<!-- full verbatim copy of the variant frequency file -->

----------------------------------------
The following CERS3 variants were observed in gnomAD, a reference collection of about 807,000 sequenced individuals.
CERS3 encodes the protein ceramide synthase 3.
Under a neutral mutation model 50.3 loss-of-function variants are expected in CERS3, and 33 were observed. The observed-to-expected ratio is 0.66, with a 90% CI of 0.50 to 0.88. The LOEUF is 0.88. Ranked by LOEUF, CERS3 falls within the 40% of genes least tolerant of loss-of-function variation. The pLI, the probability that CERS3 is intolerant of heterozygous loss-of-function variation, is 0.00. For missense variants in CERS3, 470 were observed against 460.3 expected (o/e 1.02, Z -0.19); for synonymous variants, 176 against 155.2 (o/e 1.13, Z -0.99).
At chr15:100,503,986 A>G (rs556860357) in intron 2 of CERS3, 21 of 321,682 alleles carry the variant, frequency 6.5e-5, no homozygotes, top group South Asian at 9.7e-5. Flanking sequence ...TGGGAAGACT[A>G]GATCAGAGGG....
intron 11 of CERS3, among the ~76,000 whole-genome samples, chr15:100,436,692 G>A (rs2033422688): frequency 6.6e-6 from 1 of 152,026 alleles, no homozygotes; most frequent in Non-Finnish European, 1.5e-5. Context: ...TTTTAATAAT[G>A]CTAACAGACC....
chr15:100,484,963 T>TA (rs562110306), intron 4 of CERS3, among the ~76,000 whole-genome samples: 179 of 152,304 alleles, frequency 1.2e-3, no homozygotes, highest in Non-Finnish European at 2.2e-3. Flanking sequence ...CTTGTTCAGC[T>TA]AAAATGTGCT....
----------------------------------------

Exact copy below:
The following CERS3 variants were observed in gnomAD, a reference collection of about 807,000 sequenced individuals.
CERS3 encodes the protein ceramide synthase 3.
Under a neutral mutation model 50.3 loss-of-function variants are expected in CERS3, and 33 were observed. The observed-to-expected ratio is 0.66, with a 90% CI of 0.50 to 0.88. The LOEUF is 0.88. Ranked by LOEUF, CERS3 falls within the 40% of genes least tolerant of loss-of-function variation. The pLI, the probability that CERS3 is intolerant of heterozygous loss-of-function variation, is 0.00. For missense variants in CERS3, 470 were observed against 460.3 expected (o/e 1.02, Z -0.19); for synonymous variants, 176 against 155.2 (o/e 1.13, Z -0.99).
At chr15:100,503,986 A>G (rs556860357) in intron 2 of CERS3, 21 of 321,682 alleles carry the variant, frequency 6.5e-5, no homozygotes, top group South Asian at 9.7e-5. Flanking sequence ...TGGGAAGACT[A>G]GATCAGAGGG....
intron 11 of CERS3, among the ~76,000 whole-genome samples, chr15:100,436,692 G>A (rs2033422688): frequency 6.6e-6 from 1 of 152,026 alleles, no homozygotes; most frequent in Non-Finnish European, 1.5e-5. Context: ...TTTTAATAAT[G>A]CTAACAGACC....
chr15:100,484,963 T>TA (rs562110306), intron 4 of CERS3, among the ~76,000 whole-genome samples: 179 of 152,304 alleles, frequency 1.2e-3, no homozygotes, highest in Non-Finnish European at 2.2e-3. Flanking sequence ...CTTGTTCAGC[T>TA]AAAATGTGCT....